Originally Posted by

**Deveno** yes, dimension is the number of vectors is ANY basis.

the null space of L IS V. V itself is a subspace of R^{5}. we are given by the problem itself that ker(L) = V. we're supposed to find such an L.

ask yourself, is (1,0,0,0,0) in V? can we find a,b,c,d so that (1,0,0,0,0) = (a,a+b,a+b+c,a+b+c+d,a+b+c+d)? well if we can, then a = 1. but since a+b = 0, b = -1. since a+b+c = 0, and a+b = 0, c = 0. finally, d = 0 (similar reasoning).

that is:

(1,0,0,0,0) = (1,1,1,1,1) - (0,1,1,1,1).

if we make a matrix for L (in the standard basis), then since (1,0,0,0,0) is in V, the first column for L (which is L(1,0,0,0,0)) must be all 0's.

convince yourself that (0,1,0,0,0), (0,0,1,0,0) are both in V, and that (0,0,0,1,0) and (0,0,0,1,1) are NOT (hint: look at the last two coordinates).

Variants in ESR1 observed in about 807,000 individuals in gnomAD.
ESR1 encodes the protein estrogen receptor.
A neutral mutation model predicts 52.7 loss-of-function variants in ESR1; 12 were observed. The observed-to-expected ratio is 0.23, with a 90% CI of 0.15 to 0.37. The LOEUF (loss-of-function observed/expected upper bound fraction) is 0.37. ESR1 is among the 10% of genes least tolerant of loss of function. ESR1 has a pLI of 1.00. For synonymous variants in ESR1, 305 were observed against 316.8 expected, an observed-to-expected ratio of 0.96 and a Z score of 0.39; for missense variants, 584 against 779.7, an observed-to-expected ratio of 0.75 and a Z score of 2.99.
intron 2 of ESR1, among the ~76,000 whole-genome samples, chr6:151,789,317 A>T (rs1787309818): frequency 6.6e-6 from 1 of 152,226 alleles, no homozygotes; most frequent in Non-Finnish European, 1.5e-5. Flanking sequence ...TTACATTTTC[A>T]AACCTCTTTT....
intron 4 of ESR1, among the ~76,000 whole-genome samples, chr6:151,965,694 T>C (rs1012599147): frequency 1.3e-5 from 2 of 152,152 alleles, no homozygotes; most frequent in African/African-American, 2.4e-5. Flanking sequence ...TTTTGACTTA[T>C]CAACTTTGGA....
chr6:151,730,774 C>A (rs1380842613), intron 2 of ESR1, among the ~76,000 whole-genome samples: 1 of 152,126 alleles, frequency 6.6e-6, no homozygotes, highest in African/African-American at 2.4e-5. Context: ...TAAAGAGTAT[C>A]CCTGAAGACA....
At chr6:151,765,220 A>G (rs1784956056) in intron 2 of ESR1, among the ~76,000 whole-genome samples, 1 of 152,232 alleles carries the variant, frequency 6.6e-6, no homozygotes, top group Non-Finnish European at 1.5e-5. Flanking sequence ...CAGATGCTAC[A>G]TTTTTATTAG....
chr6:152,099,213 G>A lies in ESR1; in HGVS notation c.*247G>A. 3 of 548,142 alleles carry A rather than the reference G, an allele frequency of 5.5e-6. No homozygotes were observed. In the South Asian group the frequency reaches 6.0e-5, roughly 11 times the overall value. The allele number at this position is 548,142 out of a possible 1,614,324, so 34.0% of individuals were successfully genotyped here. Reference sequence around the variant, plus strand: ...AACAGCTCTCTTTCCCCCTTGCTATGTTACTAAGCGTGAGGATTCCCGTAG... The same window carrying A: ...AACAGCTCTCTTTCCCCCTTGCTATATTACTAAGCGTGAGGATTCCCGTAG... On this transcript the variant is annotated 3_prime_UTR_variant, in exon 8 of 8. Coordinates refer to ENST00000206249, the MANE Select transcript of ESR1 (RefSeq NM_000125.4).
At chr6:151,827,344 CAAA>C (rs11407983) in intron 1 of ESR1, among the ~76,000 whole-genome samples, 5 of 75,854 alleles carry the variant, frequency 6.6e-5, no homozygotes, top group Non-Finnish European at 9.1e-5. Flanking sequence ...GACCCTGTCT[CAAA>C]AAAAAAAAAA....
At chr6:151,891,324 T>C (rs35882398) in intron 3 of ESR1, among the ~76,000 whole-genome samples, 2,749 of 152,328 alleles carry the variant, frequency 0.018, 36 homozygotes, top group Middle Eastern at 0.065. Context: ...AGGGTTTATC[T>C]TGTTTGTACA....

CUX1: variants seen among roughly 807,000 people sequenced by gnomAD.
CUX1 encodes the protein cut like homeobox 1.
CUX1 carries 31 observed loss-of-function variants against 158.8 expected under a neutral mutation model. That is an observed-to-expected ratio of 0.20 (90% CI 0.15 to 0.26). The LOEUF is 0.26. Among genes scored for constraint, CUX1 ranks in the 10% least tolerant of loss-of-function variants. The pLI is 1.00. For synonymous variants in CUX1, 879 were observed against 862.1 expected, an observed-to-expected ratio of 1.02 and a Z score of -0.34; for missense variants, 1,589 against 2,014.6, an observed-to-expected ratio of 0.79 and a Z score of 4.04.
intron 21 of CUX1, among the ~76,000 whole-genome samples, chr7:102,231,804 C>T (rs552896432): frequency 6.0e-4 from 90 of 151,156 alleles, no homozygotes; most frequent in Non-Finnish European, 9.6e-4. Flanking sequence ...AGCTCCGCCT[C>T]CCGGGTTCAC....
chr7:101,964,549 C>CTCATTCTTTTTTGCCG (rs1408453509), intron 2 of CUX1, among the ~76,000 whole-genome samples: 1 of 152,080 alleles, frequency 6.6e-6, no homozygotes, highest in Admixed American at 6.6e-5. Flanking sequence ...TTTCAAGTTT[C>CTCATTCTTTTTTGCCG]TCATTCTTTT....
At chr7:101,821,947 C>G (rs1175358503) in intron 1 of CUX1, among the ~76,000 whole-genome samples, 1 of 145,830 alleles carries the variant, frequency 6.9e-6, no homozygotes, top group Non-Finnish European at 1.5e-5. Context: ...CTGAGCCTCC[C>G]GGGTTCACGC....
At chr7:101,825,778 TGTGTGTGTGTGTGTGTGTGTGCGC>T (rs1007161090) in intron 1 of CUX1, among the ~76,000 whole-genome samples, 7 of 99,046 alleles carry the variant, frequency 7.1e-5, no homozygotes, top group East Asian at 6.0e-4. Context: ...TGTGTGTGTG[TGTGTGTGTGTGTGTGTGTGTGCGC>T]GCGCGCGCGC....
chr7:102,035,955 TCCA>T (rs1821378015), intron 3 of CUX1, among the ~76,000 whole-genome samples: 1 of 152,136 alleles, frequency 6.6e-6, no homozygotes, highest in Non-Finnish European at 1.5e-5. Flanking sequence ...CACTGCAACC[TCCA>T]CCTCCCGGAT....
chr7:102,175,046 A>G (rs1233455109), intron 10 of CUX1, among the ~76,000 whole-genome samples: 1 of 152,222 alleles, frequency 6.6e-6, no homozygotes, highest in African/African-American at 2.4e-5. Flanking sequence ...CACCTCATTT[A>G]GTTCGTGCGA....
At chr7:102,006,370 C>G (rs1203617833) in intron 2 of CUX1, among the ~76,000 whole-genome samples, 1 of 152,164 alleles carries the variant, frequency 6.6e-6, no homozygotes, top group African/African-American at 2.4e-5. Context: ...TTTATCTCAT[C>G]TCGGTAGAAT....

you are mis-reading the question. the question says:

FIND a linear transformation L WITH kernel V. V is a 4-dimensional subspace of R^{5}. so L is going to take MOST of R^{5} to the 0-vector of R^{4}.

as you can see by the head-start i gave you, the matrix for L will take any vector (x,y,z,0,0) to 0. what do we need to happen, for L(0,0,0,1,1) = (0,0,0,0)? in particular if:

$\displaystyle L = \begin{bmatrix}0&0&0&l_1&?\\0&0&0&l_2&?\\0&0&0&l_3 &?\\0&0&0&l_4&? \end{bmatrix}$

what does that last column need to be?